Unformatted text preview: ducing beautiful women, and somehow finding the time to write award-winning stories. He spoke eight languages, wore a beard, combat boots, starched khakis that never wrinkled. So I decided I would become such a journalist. I grew a beard, bought some boots and khakis, tried to learn German, tried to score with prettier girls. During my junior year, when my grades began their steady decline to the bottom of the class, I became captivated by the idea of working for a small-town newspaper. I cannot explain this attraction, except that it was at about this time that I met and befriended Nick Diener. He was from rural Indiana, and for decades his family had owned a rather prosperous county newspaper. He drove a fancy little Alfa Romeo and always had plenty of cash. We became close friends. Nick was a bright student who could have handled medicine, law, or engineering. His only goal, however, was to return to Indiana and run the family business. This baffled me until we got drunk one night and he told me how much his father cleared each year off their small weekly—circulation six thousand. It was a gold mine, he said. Just local news, wedding announcements, church socials, honor rolls, sports coverage, pictures of basketball teams, a few recipes, a few obituaries, and pages of advertising. Maybe a little politics, but stay away from controversy. And count your money. His father was a millionaire. It was laid-back, low-pressure journalism with money growing on trees, according to Nick. This appealed to me. After my fourth year, which should've been my last but wasn't close, I spent the summer interning at a small weekly in the Ozark Mountains of Arkansas. The pay was peanuts but BeeBee was impressed because I was employed. Each week I mailed her the paper, at least half of which was written by me. The owner/editor/publisher was a wonderful old gentleman who was delighted to have a reporter who wanted to write. He was quite wealthy. Generated by ABC Amber LIT Converter, http://www.processtext.com/abcli...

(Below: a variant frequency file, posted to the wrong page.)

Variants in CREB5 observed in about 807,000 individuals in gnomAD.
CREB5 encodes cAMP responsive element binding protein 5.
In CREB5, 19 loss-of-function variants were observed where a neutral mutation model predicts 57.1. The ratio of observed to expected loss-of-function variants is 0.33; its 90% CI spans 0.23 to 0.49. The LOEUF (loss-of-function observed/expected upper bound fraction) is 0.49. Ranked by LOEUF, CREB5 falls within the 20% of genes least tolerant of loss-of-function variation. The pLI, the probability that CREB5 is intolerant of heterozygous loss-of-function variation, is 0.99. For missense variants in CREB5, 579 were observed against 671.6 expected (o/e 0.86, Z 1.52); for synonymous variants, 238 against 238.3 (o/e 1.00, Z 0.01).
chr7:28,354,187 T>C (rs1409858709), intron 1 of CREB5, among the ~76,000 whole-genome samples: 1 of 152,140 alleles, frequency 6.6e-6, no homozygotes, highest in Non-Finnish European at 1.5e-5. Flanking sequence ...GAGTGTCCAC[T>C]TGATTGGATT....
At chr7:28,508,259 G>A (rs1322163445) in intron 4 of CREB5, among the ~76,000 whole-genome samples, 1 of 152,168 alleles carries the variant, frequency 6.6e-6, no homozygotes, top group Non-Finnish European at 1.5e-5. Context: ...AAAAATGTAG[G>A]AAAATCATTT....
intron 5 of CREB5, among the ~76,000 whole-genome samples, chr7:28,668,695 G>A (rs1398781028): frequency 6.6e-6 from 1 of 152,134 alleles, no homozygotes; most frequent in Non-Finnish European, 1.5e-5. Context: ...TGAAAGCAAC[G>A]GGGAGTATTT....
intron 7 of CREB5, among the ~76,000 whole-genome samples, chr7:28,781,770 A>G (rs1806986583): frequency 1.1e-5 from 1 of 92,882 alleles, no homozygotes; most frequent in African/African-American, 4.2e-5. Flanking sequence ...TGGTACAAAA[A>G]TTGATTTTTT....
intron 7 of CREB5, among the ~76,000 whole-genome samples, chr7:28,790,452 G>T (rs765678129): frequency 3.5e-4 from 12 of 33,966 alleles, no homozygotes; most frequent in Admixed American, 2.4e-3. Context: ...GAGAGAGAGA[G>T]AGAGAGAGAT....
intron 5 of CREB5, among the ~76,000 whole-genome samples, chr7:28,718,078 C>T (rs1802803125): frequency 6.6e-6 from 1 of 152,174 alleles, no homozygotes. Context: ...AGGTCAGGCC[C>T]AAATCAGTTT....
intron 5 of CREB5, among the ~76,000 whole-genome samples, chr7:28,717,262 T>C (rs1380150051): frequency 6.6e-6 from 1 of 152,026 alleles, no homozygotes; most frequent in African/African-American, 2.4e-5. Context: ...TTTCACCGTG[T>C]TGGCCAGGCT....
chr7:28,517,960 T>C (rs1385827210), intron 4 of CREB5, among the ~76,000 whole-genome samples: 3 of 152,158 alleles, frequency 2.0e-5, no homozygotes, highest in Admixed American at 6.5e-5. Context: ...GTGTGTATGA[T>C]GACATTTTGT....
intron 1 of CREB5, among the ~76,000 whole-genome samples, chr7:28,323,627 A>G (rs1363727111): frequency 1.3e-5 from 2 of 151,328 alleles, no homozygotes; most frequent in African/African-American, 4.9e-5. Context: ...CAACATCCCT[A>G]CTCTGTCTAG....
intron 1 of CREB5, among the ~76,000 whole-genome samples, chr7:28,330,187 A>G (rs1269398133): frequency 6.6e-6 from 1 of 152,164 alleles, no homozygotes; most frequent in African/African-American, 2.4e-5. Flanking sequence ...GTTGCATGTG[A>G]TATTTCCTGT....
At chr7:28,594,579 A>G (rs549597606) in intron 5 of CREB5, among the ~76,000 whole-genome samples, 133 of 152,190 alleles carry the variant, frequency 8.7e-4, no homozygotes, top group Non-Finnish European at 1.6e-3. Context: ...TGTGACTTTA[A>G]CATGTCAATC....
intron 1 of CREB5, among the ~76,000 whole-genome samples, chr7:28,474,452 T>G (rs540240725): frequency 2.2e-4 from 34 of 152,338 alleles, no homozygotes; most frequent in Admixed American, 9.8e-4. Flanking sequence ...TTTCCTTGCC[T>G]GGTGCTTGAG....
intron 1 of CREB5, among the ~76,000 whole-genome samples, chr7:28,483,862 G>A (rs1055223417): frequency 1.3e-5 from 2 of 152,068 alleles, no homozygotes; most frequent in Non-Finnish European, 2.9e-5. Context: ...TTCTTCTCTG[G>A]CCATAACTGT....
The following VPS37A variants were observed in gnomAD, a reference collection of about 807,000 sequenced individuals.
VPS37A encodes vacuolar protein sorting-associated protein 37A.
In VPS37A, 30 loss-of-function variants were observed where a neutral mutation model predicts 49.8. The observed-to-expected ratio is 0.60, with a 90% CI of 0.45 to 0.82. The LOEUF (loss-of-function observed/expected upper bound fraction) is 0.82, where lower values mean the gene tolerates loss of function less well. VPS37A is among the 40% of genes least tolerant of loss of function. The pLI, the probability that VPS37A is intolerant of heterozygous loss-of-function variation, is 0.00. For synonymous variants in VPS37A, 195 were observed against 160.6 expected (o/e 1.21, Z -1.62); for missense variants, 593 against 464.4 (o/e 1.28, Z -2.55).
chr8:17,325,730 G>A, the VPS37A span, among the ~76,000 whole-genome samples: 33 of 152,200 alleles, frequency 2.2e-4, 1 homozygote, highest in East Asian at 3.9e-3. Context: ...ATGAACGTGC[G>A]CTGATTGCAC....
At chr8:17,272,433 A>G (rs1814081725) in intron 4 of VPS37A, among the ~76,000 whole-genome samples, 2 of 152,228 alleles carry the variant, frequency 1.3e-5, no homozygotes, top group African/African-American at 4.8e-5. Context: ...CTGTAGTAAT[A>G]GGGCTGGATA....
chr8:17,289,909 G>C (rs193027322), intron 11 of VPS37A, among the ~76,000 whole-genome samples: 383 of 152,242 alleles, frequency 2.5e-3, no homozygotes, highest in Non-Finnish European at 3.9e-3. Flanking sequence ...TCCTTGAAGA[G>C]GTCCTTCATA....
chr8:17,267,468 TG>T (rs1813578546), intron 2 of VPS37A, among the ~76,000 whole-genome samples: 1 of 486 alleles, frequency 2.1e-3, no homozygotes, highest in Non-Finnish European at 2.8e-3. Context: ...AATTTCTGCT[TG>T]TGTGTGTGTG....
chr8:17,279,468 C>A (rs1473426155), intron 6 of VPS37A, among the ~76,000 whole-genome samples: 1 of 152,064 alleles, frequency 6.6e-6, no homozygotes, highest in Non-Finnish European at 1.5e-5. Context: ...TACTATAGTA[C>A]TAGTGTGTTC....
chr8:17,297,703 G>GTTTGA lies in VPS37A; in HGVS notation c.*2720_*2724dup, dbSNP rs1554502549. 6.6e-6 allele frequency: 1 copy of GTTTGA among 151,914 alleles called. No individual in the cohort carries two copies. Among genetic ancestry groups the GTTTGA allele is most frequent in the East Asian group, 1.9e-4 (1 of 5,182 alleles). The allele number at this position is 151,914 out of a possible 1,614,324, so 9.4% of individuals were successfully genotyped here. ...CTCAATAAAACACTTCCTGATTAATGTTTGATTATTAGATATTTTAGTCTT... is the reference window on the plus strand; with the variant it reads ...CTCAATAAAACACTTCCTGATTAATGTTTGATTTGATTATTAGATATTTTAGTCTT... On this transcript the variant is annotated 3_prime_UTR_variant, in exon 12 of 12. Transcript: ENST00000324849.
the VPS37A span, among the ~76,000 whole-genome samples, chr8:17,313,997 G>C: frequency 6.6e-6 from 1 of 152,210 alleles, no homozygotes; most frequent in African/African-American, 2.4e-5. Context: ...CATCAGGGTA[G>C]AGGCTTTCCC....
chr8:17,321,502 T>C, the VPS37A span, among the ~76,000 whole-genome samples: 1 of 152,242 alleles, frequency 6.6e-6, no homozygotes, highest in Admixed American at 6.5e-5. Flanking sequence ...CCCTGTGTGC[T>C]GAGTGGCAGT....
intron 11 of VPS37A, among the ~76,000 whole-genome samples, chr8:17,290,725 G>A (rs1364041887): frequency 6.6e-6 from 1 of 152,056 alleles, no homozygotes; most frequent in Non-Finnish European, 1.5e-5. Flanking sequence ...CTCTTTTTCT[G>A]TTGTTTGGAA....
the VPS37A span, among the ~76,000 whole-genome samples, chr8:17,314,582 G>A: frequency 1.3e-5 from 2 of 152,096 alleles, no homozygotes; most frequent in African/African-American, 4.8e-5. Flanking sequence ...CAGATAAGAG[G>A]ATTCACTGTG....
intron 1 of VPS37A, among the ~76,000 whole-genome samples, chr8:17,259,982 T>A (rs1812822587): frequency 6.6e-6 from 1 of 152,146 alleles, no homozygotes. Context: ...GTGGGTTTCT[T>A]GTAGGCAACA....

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- Spring '10
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